Every time I see the movie “My Cousin Vinny” on cable I cannot resist but to watch it, even though I have seen it many times over. Although the movie is a comedy, it’s actually one of the more accurate representations of trial procedure in a film. If you haven’t seen it I recommend watching it. Most lawyers have praised the comedy’s realistic depiction of courtroom procedure and trial strategy, however, there is one very important issue that was not discussed and it is probably because it’s only implicit in the film.
The film revolves around two defendants that are facing murder charges and they are both represented by one lawyer, Cousin Vinny, who also happens to be one of the defendant’s cousin. This joint representation of clients sounds attractive to clients because it saves them money on attorney fees. However, joint representation is fraught with pit falls for clients, especially in a case where the clients’ interest differs. Most often attorneys cannot represent two or more parties with differing interests due to the loyalty they owe their clients. The point is an an attorney “cannot serve two masters.”
So why exactly is the potential for conflict of interest so grave in the movie? There are lots of reasons, but a major one is that co-defendants may be sorely tempted to point the finger at each other in exchange for a better plea bargain. Imagine in this case if Defendant “A” had claimed that it was the idea of Defendant “B” to commit the crime. That is a fine defense for Defendant “A” but it puts Defendant “B” on the hook for the crime. As their attorney it would be impossible for an attorney to be loyal to both defendants in that situation. And in the movie, the conflict would be further complicated by the attorney’s family relationship to one of the defendants.
However, this is not to say that joint representation is illegal or unethical because it is not. In fact, the practice is not that uncommon in areas that include but not limited to: tax planning, estate planning (husband and wife) and business formation (multiple founders or principals). Joint representation is also common in pre-litigation matters such as “friendly divorce” where the separating couple retains one attorney to effectuate a pre-existing arrangement. I am sure there are other situations that it would be okay to have joint representation but definitely not when interests obviously conflict as it was in the movie.
Therefore, yes, joint representation is attractive as the attorney fees and costs are shared but as with all things price should not be the single underlying factor when seeking to hire legal counsel. This should be kept in mind if you consider hiring a lawyer to represent you and someone else’s interests.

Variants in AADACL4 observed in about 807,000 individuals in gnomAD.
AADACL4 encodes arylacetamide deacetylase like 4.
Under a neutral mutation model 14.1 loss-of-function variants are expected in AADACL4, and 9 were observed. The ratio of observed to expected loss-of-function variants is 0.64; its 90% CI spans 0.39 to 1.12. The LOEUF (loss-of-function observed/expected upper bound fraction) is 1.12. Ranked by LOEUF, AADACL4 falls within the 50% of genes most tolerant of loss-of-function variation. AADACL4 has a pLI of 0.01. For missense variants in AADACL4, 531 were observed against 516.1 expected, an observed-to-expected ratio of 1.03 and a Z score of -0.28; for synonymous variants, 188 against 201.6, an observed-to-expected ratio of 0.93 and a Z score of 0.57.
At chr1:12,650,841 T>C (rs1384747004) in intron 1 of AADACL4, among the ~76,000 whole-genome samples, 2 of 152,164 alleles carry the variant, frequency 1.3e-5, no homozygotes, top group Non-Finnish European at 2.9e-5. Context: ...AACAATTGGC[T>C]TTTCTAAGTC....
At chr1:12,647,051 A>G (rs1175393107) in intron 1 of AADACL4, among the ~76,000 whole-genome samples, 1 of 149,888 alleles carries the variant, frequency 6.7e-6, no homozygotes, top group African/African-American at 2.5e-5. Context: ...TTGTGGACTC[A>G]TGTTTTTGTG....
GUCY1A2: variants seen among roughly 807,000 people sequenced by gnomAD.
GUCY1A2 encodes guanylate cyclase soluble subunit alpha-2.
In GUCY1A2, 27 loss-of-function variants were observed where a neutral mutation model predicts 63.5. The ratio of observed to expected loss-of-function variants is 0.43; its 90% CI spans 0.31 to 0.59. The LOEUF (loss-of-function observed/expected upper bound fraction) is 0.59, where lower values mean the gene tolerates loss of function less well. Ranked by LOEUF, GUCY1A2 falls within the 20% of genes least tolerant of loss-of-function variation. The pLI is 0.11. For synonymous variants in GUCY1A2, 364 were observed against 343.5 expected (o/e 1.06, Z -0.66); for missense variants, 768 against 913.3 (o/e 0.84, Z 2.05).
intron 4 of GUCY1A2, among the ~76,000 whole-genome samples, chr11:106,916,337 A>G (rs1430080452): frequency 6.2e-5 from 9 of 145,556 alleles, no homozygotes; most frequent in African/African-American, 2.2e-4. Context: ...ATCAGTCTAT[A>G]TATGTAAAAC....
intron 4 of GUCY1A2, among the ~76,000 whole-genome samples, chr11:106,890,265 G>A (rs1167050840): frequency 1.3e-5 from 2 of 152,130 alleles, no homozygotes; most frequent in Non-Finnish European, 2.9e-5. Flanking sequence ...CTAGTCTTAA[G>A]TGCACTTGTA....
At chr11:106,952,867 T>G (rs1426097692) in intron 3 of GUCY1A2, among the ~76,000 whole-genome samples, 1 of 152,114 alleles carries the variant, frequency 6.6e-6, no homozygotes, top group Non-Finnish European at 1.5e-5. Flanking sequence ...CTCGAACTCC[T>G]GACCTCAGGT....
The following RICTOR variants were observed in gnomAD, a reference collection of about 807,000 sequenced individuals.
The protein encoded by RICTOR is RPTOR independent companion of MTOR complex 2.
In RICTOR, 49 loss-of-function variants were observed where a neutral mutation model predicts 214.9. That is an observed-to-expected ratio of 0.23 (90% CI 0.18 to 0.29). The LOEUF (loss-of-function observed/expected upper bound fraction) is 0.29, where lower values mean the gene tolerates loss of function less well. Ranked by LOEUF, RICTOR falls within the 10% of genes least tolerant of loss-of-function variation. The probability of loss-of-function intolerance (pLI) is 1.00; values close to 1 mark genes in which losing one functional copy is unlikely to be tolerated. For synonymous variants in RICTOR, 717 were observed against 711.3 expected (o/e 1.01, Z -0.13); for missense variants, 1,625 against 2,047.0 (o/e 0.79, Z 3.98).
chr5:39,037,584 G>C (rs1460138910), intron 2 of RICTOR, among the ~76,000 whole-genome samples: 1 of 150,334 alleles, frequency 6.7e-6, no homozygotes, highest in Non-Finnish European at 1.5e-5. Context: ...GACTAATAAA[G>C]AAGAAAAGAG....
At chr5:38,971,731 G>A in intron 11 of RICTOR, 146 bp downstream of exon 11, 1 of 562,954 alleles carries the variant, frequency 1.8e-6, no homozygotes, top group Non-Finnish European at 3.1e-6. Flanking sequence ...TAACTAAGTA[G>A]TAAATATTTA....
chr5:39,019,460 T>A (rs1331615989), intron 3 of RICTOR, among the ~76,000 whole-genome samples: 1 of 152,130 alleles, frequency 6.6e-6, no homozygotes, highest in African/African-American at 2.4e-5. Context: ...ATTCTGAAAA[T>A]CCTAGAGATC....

Perhaps, beside price consideration, you should ask yourself the following question: What are my goals compared to the other persons? For example, are you and your partner being sued because you and your partner did something wrong or are you being sued just because you were with your partner who did something wrong? If the latter situation is yours, be aware that the attorney must represent both you and your partner’s interest equally thereby if you’re innocent in the situation, your interest will not be fully represented by this joint attorney.
Remember that the loyalty the attorney shows to you must be equal to that of your partner, otherwise the attorney would risk breaching his fiduciary duty to your partner if he is to defend your innocence and not that of your partner.
The above is just one example of the pit fall of joint representation. Unless you and your partner have a common goal, such as to preserve community assets that will benefit you both equally, it might be worth it to hire your own attorney. This way you can be reassured that your attorney will zealously represent your interest and only your interest.
After all, the point of hiring an attorney is to put your mind at ease with the legal problem before you and the added stress of worrying about your attorney loyalty is unnecessary and counterproductive to the legal issue at hand and beats the purpose of hiring the attorney in the first place.
So while there is nothing wrong with your cousin Vinny representing you in court, it may become a problem if he represents you and your friend if you are both charged with the same crime.
As with all legal discussions, careful thought should be exercised to avoid problems down the line.
The purpose of this column is to provide general information on the law, which is subject to change. It is not legal advice. Consult a lawyer if you have a specific legal problem.
Published: May 21, 2015 - Volume 14 - Issue 06